North Korea missile may not have re-entered atmosphere, report says
North Korea has not been able to fully develop an intercontinental ballistic missile, and it's unknown whether last week's launch successfully re-entered the atmosphere, the Yonhap news agency in South Korea reported Tuesday.
The missile launched July 4 had the distance to reach the U.S. mainland — and marked the latest escalation of the North's nuclear program.
North Korea said it developed an ICBM that could ferry a large nuclear warhead, but it may have been an unsubstantiated boast, Rep. Yi Wan-young of the Liberty Korea Party said after a meeting with officials from the National Intelligence Service, according to Yonhap.
Yi also said North Korea is capable of conducting a nuclear test at its Punggye-Ri site at any time, but there was no signs of an immediate detonation, the news agency reported.
The Hwasong-14 missile launched July 4 had a maximum range of about 4,163 miles, meaning it would be able to hit targets in Alaska but not the contiguous U.S. mainland or the larger islands of Hawaii in the Pacific Ocean.
Kim Jong Un, the North's leader, attended a concert Tuesday celebrating the launch. The performances included “Song of Hwasong Rocket” and “Make Others Envy Us,” according to the nation's official Korean Central News Agency.
The United States military said the U.S. Air Force launched an intermediate-range ballistic missile target over the Pacific Ocean north of Hawaii on Tuesday that was intercepted by a Terminal High Altitude Area Defense (THAAD) ballistic missile defense system based in Kodiak, Alaska.
“This test further demonstrates the capabilities of the THAAD weapon system and its ability to intercept and destroy ballistic missile threats. THAAD continues to protect our citizens, deployed forces and allies from a real and growing threat," said U.S. Missile Defense Agency Director Lt. Gen. Sam Greaves.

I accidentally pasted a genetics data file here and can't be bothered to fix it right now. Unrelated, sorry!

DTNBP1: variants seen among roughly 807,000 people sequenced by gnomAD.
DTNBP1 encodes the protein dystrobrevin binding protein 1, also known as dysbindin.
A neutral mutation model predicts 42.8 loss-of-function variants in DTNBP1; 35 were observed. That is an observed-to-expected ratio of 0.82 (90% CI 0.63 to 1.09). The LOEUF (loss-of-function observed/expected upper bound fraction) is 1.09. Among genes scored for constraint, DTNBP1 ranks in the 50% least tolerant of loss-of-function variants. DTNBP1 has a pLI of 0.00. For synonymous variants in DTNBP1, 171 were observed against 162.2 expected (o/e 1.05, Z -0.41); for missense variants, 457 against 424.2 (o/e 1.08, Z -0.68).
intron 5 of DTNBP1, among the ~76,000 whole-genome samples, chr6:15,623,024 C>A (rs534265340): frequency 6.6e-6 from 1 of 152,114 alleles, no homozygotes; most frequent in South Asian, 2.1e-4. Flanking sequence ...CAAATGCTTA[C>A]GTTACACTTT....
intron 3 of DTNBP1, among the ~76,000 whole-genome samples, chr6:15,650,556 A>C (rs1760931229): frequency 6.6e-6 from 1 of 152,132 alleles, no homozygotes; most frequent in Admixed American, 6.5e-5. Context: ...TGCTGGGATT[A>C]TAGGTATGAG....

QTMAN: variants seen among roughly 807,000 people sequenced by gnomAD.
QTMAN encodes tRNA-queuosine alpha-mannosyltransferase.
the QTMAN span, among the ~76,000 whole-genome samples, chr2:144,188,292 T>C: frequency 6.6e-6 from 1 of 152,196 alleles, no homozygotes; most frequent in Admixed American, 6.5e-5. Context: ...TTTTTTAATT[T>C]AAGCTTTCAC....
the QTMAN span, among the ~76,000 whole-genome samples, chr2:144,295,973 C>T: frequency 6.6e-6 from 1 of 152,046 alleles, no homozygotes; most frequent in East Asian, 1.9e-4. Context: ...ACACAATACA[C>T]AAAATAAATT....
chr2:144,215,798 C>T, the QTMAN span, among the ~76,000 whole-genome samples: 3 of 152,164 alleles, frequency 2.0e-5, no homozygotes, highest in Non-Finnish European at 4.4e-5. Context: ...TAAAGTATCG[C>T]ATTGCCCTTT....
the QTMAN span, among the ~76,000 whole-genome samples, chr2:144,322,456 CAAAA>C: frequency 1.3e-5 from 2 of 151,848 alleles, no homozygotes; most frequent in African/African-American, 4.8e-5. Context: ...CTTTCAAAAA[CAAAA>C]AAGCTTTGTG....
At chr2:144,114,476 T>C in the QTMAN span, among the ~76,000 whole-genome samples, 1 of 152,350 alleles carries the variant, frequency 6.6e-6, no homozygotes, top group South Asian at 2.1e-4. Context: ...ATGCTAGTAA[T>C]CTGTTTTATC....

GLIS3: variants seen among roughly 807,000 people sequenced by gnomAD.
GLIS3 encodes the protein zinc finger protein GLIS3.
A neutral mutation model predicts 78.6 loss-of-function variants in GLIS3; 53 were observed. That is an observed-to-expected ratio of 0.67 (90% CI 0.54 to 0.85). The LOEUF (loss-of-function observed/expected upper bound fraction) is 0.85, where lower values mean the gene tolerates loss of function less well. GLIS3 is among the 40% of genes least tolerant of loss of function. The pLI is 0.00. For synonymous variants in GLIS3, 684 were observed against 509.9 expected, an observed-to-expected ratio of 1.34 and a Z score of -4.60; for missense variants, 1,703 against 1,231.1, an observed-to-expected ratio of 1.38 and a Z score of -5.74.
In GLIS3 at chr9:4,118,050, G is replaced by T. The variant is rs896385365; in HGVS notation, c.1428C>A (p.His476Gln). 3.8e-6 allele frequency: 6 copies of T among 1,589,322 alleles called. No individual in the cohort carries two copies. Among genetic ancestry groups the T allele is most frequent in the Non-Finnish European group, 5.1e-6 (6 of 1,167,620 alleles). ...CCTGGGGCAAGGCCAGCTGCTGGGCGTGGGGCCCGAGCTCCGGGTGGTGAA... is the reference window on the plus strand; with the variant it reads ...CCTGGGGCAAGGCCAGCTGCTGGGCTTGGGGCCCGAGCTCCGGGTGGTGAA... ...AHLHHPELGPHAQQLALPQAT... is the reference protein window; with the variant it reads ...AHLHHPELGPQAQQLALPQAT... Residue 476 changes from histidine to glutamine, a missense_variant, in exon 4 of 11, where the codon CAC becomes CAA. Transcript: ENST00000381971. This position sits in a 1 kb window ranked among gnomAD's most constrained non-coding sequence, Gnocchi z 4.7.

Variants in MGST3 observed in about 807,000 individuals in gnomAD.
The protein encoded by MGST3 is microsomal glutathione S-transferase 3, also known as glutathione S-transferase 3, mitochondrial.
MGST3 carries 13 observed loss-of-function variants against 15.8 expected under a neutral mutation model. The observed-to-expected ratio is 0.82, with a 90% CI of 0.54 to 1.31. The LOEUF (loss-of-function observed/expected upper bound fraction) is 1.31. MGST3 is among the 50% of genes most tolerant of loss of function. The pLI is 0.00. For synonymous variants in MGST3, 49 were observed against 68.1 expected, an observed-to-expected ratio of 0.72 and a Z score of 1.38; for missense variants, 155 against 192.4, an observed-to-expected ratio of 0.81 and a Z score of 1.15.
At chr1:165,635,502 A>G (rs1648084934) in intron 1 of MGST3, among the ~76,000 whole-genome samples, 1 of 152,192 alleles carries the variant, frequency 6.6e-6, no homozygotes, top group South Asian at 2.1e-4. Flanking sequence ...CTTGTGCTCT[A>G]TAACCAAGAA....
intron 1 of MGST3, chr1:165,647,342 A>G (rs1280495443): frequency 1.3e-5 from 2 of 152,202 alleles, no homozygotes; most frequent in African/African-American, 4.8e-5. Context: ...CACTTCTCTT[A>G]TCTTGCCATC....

North Korea, which has been ratcheting up its tough talk against the U.S. in recent weeks, has conducted at least eight missile tests this year. It tested nuclear explosive devices in 2006, 2009, 2013 and twice in 2016. The July 4th launch was its first successful attempt at launching a long-range weapon.
Analysts said a May 14 ballistic missile launch by Pyongyang successfully re-entered the Earth's atmosphere and marked a breakthrough for the North's program, The Telegraph reported.
However, the South Korean news agency's report Tuesday seems to cast doubt on the re-entry part of the equation.
Kim vowed last week his nation would "demonstrate its mettle to the U.S." and never negotiate on its weapons program, one that it believes is needed as a deterrent to prevent a U.S. attack aimed at overthrowing the regime Kim has led since 2011.
U.S. Secretary of State Rex Tillerson promised to bring additional international pressure on the regime after last week's test.
"All nations should publicly demonstrate to North Korea that there are consequences to their pursuit of nuclear weapons," Tillerson said in a statement.
After the North's test, the U.S. Army and South Korean military launched at least two surface-to-surface missiles into South Korean waters as a demonstration of their attack capabilities.